Oddly enough, American politicians have had their moments of lucidity but it has always been due to big companies that all initiatives to legalize the cultivation and consumption of cannabis have been ruined. The power of the great 'lobbies' that saw their business threatened, caused that certain efforts of the administration of the United States to eliminate legal barriers ended up falling on deaf ears.
Like a gooey soap opera, the relationship that American authorities have held with marijuana over the centuries could be summed up in one continuous swing of love and hate, need and rejection.
George Washington himself experimented with hemp, separating male and female plants, back in the eighteenth century, and that was good. Later, with the arrival of Mexicans to American territory, the popularity of cannabis boomed and hemp was even associated with spiritual practices of black immigrants, and that was bad. Afterwards, the State needed to boost hemp cultivation to provide soldiers with the necessary equipment to make war... That was only so-so.
And like that, over and over again. If we look back, we can verify that, since the country was founded, American political authorities have recognized the economic return that cannabis cultivation can provide, but have been forced to turn a blind eye on it. Moreover, anytime they have decided to open a different path other than banning, others have been in charge of imposing obstacles and return the matter to the absurd way of hindrance and refusal.
We only need to see what happened with the film 'Hemp for Victory', with which American authorities tried to encourage the country’s farmers to invest in hemp plantations. The Roosevelt administration was forced to remove all records of this short documentary due to pressure exerted by the great magnates of the paper industry, which had no intention of sharing the pie with anyone.
Whoever has the money, has the power
While in the 1960s and 1970s the big tobacco companies, anticipating an expectable legalization of marijuana, reached a tacit agreement with the United States authorities to develop different investigations, and even products, as soon as the economic powers realized that the progress in this direction was not convenient for them, they did everything possible to prevent the state measures from side-lining them.
Much of the responsibility for all this fiddling to come to light, lies on American cannabis activist Jack Herer, who was honoured by cultivators who named a variety of marijuana after him. In his famous book 'The Emperor Wears No Clothes', Herer discusses what he calls the 'hemp conspiracy'. According to his findings, much of the blame for the demise of hemp plantations lies on none other than Harry J. Anslinger (first commissioner of the Federal Bureau of Narcotics of the United States), the petrochemical company Du Pont and many other influential industrial leaders such as William Randolph Hearst and Andrew Mellon.
The case of DuPont perfectly reflects the 'modus operandi' of them all. In the 1930s, the company had developed a new synthetic fibre, nylon. This material, as envisioned by the company, should be the natural substitute for hemp rope, so cultivation of this plant should be reduced as much as possible to avoid an awkward competition. What better way than banning marijuana? Say no more, answered the authorities of the United States and the Marijuana Tax Act of 1937 was implemented.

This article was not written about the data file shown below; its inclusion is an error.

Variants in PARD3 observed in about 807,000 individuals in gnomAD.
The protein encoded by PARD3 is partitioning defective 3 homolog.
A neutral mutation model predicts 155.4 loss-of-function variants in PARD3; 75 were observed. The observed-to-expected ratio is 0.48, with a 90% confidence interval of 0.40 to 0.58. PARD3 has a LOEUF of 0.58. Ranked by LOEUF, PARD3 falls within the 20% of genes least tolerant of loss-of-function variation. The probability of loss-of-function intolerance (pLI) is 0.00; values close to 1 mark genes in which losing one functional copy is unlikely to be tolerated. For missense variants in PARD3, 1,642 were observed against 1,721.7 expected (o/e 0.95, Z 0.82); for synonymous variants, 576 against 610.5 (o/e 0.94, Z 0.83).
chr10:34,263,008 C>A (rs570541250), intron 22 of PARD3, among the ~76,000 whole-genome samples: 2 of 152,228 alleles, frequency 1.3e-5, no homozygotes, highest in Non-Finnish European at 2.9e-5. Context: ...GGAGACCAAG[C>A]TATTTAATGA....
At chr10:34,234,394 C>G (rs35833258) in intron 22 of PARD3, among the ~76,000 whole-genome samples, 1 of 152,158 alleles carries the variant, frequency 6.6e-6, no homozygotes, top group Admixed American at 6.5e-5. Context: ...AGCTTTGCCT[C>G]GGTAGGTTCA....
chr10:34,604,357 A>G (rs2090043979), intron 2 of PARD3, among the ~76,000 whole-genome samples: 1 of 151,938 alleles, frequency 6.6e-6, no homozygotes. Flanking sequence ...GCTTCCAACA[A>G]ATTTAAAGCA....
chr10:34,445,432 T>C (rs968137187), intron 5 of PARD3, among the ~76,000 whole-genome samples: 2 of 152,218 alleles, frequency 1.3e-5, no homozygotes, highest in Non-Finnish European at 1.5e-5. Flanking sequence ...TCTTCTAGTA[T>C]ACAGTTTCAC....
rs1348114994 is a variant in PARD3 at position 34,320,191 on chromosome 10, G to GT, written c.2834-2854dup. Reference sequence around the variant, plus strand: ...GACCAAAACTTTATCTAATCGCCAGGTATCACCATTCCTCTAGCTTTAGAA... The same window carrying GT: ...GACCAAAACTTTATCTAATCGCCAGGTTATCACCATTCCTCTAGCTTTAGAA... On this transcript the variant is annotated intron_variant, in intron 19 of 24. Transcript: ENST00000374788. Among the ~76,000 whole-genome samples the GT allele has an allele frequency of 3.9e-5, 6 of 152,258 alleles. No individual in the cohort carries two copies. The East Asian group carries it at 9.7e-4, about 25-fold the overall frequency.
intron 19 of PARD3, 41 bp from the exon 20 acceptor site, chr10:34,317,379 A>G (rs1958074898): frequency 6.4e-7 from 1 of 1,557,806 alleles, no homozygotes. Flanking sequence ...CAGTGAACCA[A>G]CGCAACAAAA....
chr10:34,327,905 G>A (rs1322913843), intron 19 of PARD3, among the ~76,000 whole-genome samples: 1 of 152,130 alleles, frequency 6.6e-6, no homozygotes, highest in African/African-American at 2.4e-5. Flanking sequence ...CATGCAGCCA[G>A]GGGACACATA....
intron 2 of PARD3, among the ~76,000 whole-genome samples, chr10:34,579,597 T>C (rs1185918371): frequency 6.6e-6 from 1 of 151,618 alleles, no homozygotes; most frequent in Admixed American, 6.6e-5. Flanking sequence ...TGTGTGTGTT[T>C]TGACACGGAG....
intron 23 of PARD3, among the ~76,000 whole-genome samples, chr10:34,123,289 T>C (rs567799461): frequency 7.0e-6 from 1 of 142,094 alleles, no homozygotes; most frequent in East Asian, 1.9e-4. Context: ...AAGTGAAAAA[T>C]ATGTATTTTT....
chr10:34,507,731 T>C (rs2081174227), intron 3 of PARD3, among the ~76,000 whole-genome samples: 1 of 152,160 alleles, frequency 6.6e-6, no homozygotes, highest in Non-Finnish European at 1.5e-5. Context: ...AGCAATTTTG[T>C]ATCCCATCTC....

In its annual report of that same year, aware of what was at stake, the top brass of this company warned his people that 'the revenue that increases the power of government could become an instrument to force the acceptance of new ideas on industrial and social reorganization'. Hence, they put every effort to defeat any initiative of the authorities of the United States to revive hemp cultivation. To this end, it was not at all strange that they forced the Roosevelt administration to lock up 'Hemp for Victory'.
Something similar happened with William Hearst. This multifaceted American magnate sowed panic among his countrymen, warning on the alleged harmful effects of marijuana, not to see his coffers depleted. Owing a huge area of land from which he extracted sufficient wood to make pulp and paper, Hearst did not want hemp cultivation to expand, since 10,000 hectares devoted to this plant were able to produce the same amount of paper than 40,000 hectares dedicated to conventional wood pulp.
To achieve his purpose and relaunch prohibitionist ideas, Hearst poured the entire media network he had managed to build and which, coincidentally, had paper as its main support. After inheriting his father's newspaper The San Francisco Examiner, he acquired The New York Journal. In order to increase the circulation of his media, he engineered a new form of journalism that has survived to the present: the tabloid press, also known as sensationalism. Striking and terrifying headlines, shocking images and themes where controversy and scaremongering were the protagonists. So he managed to create such a prosperous empire that has continued to today.
Only by knowing about these historic nooks we can come to understand how, despite the fact that the parents of the Constitution of the United States had a positive consideration of the use and cultivation of marijuana, it has not been until several centuries later that prohibitionist policies have been laid aside and the always precious common sense has returned to the scene.